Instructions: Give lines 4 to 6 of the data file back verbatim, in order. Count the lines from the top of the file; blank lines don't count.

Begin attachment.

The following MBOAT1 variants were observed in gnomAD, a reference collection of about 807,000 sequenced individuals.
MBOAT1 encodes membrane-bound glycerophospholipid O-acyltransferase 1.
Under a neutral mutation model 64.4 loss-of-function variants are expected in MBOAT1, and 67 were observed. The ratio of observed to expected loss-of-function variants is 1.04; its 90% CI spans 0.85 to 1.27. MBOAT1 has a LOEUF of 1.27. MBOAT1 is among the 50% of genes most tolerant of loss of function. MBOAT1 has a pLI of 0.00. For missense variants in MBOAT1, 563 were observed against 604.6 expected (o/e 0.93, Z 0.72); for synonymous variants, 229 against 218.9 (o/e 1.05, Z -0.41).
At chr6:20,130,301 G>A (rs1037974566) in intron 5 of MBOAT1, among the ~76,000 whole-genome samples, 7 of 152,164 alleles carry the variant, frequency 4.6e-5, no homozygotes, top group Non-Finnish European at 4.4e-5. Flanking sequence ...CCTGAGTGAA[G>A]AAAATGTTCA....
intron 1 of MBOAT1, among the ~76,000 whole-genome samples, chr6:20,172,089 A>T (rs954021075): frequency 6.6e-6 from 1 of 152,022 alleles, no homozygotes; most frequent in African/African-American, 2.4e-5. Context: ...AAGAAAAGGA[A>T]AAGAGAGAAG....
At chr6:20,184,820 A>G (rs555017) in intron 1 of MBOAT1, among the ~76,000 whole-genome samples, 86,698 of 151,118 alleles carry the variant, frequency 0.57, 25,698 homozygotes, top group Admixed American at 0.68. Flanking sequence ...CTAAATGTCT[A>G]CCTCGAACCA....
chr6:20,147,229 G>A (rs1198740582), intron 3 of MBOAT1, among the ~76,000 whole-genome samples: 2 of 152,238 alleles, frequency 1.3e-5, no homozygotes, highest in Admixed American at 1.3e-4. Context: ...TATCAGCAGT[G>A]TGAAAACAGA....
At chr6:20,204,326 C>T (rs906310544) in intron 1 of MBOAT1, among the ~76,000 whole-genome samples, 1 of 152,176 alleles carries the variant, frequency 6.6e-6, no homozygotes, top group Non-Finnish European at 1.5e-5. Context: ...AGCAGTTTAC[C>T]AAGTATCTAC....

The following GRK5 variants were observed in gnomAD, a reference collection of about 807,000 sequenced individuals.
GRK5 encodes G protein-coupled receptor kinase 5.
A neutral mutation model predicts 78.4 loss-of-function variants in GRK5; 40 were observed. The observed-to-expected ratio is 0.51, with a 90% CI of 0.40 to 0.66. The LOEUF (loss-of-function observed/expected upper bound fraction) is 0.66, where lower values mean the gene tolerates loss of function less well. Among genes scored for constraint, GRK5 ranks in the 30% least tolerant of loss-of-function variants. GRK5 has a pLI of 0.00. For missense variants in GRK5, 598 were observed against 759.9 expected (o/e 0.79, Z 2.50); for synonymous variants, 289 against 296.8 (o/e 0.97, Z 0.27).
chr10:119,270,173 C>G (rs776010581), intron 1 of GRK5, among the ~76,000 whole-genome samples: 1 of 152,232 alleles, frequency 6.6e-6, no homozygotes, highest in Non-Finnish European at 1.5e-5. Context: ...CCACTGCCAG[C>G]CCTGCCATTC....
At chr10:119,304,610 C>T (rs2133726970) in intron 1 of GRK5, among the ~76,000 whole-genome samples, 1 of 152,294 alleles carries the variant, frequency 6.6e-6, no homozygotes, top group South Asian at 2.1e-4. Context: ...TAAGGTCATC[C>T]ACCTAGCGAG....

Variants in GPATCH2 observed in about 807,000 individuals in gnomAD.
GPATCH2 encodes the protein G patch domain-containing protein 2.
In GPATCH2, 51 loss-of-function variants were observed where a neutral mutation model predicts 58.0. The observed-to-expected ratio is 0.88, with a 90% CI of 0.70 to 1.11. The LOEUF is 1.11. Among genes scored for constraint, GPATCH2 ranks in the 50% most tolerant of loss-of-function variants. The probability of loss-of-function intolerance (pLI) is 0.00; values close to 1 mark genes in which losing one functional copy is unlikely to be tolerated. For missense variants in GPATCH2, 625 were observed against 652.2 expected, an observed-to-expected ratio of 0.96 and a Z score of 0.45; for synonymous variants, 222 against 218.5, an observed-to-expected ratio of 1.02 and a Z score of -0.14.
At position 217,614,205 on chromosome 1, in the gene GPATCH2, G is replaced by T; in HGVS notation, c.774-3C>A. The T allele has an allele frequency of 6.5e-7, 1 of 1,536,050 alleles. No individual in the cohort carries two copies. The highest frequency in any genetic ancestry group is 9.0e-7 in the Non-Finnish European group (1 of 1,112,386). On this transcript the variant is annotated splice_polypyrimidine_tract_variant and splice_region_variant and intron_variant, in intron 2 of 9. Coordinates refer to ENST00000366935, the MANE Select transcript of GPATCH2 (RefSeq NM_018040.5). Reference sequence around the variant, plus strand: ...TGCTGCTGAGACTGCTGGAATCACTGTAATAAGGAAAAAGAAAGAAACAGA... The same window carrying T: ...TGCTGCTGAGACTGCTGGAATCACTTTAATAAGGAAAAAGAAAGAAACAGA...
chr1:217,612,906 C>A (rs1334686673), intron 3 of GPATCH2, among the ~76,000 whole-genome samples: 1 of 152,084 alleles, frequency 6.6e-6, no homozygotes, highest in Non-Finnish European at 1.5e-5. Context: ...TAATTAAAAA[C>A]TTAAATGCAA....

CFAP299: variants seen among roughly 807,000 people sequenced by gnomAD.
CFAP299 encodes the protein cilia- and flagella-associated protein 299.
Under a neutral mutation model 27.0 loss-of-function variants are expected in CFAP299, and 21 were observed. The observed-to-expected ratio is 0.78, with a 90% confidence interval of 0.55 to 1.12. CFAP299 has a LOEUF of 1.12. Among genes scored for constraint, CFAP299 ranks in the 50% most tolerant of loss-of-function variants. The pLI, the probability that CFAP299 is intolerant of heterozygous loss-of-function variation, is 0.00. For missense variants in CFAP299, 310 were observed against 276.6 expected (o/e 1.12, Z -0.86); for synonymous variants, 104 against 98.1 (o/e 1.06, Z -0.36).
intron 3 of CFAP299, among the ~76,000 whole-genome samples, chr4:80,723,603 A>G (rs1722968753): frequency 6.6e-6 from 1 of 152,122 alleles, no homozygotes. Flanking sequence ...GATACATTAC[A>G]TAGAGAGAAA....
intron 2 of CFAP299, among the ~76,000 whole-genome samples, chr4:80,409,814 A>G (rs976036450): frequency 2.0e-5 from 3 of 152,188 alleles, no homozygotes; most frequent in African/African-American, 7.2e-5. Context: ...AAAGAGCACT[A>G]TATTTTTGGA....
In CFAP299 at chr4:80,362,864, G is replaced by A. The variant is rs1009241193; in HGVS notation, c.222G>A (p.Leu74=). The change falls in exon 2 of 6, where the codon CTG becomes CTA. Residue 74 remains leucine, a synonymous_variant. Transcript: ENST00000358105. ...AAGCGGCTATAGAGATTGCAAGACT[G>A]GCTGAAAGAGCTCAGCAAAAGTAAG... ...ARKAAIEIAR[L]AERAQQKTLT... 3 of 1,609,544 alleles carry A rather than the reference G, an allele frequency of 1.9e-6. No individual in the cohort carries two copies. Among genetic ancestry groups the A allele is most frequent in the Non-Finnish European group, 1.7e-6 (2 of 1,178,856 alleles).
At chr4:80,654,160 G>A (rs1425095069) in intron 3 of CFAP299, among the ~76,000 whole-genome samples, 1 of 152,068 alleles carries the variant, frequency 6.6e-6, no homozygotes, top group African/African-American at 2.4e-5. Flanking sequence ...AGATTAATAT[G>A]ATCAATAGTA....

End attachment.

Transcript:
At chr6:20,130,301 G>A (rs1037974566) in intron 5 of MBOAT1, among the ~76,000 whole-genome samples, 7 of 152,164 alleles carry the variant, frequency 4.6e-5, no homozygotes, top group Non-Finnish European at 4.4e-5. Flanking sequence ...CCTGAGTGAA[G>A]AAAATGTTCA....
intron 1 of MBOAT1, among the ~76,000 whole-genome samples, chr6:20,172,089 A>T (rs954021075): frequency 6.6e-6 from 1 of 152,022 alleles, no homozygotes; most frequent in African/African-American, 2.4e-5. Context: ...AAGAAAAGGA[A>T]AAGAGAGAAG....
At chr6:20,184,820 A>G (rs555017) in intron 1 of MBOAT1, among the ~76,000 whole-genome samples, 86,698 of 151,118 alleles carry the variant, frequency 0.57, 25,698 homozygotes, top group Admixed American at 0.68. Flanking sequence ...CTAAATGTCT[A>G]CCTCGAACCA....